Soldier-Citizen-Sapien has moved to Wordpress

Friday, March 5, 2010
Greetings friends,

This blog has moved to

Please look for the new blog at Wordpress, or click the link above.

Thanks for visiting,


I'm just not sure where this leaves us.

Saturday, November 21, 2009
It was recently suggested to me, rather upsettingly, that I might have some "mixed feelings" about Major Nidal Malik Hasan, the Fort Hood shooter of recent note. This was meant to say that I might be sympathetic to the man and condone his actions. I'm still not sure why this accusation was flung at me, but I believe my accuser thinks that my liberal political tendencies cause me to be sympathetic to an (allegedly, by the way) hostile view towards my own country; that I had been "brainwashed" by my cultural circumstances, growing up in California and spending some time in the ultra-liberal Bay Area.

Before I move on, I would like to note that growing up in California, I lived in a Libertarian household and had little exposure to anything other than conservative media. I had no reason to question these ideals and I didn't. Later on living near San Fransisco, I had very naive nationalistic ideas as a young private marching to the sounds of the post-9/11 war drums. Paradoxically, it was in a church in the Great Republic of Texas that I first recognized the credibility of Liberal ideals, and it is only now, living in the NY 23rd congressional district, known for regularly running Conservative party candidates and not having elected a Democrat in twenty years before 2009, that I have begun enunciating any liberal thoughts I might have had. If anything, I have been "reverse-brainwashed." I'm doing it all wrong.

Socrates commanded, "Know thyself."

Sunday, November 15, 2009
One thing I like about writing the Soldier-Citizen-Sapien blog is the opportunity to explore these three named and nested identities as an exercise in formalizing my thoughts. Ultimately, I hope the work I do here begins to shape an ethic that I can refer to, and that others can as well.

Now I'm talking about ethics, and I'm talking about identities, and tonight I'm talking about nature. Human nature. When I say the word "Sapien" I am referring to the human identity. It is the broadest of the three that I work with here at S.C.S.

Tonight I'm going to explore the identity of human nature and some ethical implications. There will be some references to the giants who have done a bulk of the intellectual heavy lifting in this arena, but I think I've stumbled upon something extra that I want to point out.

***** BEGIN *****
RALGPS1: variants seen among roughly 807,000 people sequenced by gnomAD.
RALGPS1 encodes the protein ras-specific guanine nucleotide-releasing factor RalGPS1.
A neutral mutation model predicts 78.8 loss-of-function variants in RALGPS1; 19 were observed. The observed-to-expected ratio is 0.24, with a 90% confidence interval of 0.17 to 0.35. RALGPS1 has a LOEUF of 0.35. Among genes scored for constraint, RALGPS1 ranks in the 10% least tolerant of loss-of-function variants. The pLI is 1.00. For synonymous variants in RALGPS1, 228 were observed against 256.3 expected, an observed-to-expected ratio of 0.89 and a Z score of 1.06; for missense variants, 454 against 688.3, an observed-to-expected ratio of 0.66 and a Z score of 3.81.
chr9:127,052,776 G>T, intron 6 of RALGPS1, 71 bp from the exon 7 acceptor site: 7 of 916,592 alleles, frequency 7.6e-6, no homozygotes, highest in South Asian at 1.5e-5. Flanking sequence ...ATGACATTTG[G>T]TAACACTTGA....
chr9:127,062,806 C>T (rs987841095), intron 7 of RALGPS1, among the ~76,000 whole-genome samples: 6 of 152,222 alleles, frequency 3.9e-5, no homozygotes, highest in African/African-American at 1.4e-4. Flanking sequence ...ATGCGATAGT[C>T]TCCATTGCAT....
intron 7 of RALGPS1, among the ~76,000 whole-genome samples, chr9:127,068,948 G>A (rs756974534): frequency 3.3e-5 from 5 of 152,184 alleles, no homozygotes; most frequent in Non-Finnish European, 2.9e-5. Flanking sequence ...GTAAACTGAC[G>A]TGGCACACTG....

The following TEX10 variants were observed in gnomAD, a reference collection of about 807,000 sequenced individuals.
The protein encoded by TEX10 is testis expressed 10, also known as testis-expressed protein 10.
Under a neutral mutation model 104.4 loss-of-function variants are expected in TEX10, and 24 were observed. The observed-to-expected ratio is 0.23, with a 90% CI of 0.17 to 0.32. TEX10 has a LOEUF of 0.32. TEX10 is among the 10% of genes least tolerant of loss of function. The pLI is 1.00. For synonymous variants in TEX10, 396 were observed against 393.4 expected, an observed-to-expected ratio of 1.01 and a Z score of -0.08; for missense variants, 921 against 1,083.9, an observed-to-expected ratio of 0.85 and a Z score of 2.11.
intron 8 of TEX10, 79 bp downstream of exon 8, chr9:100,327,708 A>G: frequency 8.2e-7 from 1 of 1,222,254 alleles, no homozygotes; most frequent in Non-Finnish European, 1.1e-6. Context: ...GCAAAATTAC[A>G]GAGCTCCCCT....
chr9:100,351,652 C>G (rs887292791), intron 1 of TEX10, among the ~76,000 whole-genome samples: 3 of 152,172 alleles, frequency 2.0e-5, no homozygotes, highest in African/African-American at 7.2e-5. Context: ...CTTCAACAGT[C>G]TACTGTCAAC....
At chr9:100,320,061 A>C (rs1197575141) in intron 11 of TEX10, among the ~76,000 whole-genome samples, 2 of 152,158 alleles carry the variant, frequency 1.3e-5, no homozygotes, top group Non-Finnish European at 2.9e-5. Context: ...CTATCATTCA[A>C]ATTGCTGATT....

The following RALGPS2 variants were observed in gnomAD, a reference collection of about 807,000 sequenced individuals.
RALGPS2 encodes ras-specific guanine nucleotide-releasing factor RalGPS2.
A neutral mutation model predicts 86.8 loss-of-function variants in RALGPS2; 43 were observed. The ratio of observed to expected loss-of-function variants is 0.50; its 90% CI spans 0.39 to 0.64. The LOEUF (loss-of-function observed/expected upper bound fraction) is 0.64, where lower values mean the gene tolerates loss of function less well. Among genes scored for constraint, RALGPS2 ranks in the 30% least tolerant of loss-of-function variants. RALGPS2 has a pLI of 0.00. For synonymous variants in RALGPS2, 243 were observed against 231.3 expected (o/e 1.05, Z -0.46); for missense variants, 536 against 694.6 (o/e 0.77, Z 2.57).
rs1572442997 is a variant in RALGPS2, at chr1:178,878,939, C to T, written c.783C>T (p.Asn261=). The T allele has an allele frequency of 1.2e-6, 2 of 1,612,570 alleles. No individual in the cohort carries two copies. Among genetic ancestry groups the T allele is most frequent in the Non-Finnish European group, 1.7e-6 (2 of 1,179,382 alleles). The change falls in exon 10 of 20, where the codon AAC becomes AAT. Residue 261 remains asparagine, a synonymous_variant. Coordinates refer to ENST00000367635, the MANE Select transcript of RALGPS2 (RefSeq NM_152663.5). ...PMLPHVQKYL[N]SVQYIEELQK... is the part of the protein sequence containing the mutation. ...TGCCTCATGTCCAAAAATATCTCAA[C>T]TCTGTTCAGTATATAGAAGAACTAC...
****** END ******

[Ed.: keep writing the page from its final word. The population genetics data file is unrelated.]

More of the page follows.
Who signed me up for this?

Friday, November 6, 2009
A few years ago I lived with a large and variable group of roommates totalling between two and twelve people, all of whom are now lifelong friends. It sounds silly to have twelve roommates, I know, but that's the nature of the military sometimes-very little private space.

Anyway, the nature of the boys I lived with being what it was, we spent a whole lot of time trecking around the Big Sur coastal mountain region just south of Carmel, California. It was a fun little group to be a part of. Lots of hiking and backpacking and other outdoor activities. It was always neat to be a part of such a neat social clique.

My friends and I did everything together. That's another thing about being in the military. You are usually on the same exact schedule as everybody else. We went to classes together, ate together, slept together, showered together, got haircuts together...we did everything together.

It was always fun...until it wasn't anymore.

By way of introduction...

Monday, November 2, 2009
Currently, the beginning of several essays are scrawled on the pages of my spiral bound notebook. I had the fortune to visit Justin and his family a few weeks ago. It was a chance to renew old friendships and reminisce. I was blessed with the opportunity to serve in the military with a group of exceptional individuals(Justin being one of them.)